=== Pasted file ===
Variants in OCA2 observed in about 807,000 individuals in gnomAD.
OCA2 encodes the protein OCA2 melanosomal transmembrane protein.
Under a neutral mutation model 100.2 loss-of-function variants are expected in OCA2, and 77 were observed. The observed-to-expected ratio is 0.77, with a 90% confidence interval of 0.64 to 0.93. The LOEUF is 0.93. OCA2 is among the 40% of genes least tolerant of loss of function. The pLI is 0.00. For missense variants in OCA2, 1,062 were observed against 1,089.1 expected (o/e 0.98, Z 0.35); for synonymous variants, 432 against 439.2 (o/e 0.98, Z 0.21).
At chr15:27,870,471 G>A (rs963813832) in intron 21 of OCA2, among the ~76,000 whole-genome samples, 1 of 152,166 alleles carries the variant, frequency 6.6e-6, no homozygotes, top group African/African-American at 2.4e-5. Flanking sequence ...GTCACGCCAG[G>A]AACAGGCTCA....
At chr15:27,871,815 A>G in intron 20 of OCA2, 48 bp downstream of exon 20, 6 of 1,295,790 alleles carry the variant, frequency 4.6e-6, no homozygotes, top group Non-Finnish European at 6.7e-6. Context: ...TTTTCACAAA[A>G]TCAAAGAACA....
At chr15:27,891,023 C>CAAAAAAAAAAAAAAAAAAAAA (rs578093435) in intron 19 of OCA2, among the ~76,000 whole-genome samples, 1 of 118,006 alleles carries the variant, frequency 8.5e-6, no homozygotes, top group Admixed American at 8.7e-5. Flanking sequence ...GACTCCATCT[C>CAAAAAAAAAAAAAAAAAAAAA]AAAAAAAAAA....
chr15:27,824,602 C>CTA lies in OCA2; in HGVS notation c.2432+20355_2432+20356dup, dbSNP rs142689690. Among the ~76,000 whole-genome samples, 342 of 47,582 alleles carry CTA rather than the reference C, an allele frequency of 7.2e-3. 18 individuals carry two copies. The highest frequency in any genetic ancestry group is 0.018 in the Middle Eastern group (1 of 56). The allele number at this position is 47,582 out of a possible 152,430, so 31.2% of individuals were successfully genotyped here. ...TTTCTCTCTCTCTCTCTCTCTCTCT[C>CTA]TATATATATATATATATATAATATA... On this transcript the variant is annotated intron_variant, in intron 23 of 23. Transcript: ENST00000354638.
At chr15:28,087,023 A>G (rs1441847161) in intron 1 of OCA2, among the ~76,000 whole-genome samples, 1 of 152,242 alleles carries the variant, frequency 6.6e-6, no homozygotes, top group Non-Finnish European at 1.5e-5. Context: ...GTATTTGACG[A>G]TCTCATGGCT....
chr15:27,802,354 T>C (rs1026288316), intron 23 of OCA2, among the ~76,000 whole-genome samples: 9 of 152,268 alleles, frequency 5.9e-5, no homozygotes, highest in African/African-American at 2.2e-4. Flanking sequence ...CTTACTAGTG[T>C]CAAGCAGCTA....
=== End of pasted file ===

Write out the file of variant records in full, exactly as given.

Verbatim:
Variants in OCA2 observed in about 807,000 individuals in gnomAD.
OCA2 encodes the protein OCA2 melanosomal transmembrane protein.
Under a neutral mutation model 100.2 loss-of-function variants are expected in OCA2, and 77 were observed. The observed-to-expected ratio is 0.77, with a 90% confidence interval of 0.64 to 0.93. The LOEUF is 0.93. OCA2 is among the 40% of genes least tolerant of loss of function. The pLI is 0.00. For missense variants in OCA2, 1,062 were observed against 1,089.1 expected (o/e 0.98, Z 0.35); for synonymous variants, 432 against 439.2 (o/e 0.98, Z 0.21).
At chr15:27,870,471 G>A (rs963813832) in intron 21 of OCA2, among the ~76,000 whole-genome samples, 1 of 152,166 alleles carries the variant, frequency 6.6e-6, no homozygotes, top group African/African-American at 2.4e-5. Flanking sequence ...GTCACGCCAG[G>A]AACAGGCTCA....
At chr15:27,871,815 A>G in intron 20 of OCA2, 48 bp downstream of exon 20, 6 of 1,295,790 alleles carry the variant, frequency 4.6e-6, no homozygotes, top group Non-Finnish European at 6.7e-6. Context: ...TTTTCACAAA[A>G]TCAAAGAACA....
At chr15:27,891,023 C>CAAAAAAAAAAAAAAAAAAAAA (rs578093435) in intron 19 of OCA2, among the ~76,000 whole-genome samples, 1 of 118,006 alleles carries the variant, frequency 8.5e-6, no homozygotes, top group Admixed American at 8.7e-5. Flanking sequence ...GACTCCATCT[C>CAAAAAAAAAAAAAAAAAAAAA]AAAAAAAAAA....
chr15:27,824,602 C>CTA lies in OCA2; in HGVS notation c.2432+20355_2432+20356dup, dbSNP rs142689690. Among the ~76,000 whole-genome samples, 342 of 47,582 alleles carry CTA rather than the reference C, an allele frequency of 7.2e-3. 18 individuals carry two copies. The highest frequency in any genetic ancestry group is 0.018 in the Middle Eastern group (1 of 56). The allele number at this position is 47,582 out of a possible 152,430, so 31.2% of individuals were successfully genotyped here. ...TTTCTCTCTCTCTCTCTCTCTCTCT[C>CTA]TATATATATATATATATATAATATA... On this transcript the variant is annotated intron_variant, in intron 23 of 23. Transcript: ENST00000354638.
At chr15:28,087,023 A>G (rs1441847161) in intron 1 of OCA2, among the ~76,000 whole-genome samples, 1 of 152,242 alleles carries the variant, frequency 6.6e-6, no homozygotes, top group Non-Finnish European at 1.5e-5. Context: ...GTATTTGACG[A>G]TCTCATGGCT....
chr15:27,802,354 T>C (rs1026288316), intron 23 of OCA2, among the ~76,000 whole-genome samples: 9 of 152,268 alleles, frequency 5.9e-5, no homozygotes, highest in African/African-American at 2.2e-4. Flanking sequence ...CTTACTAGTG[T>C]CAAGCAGCTA....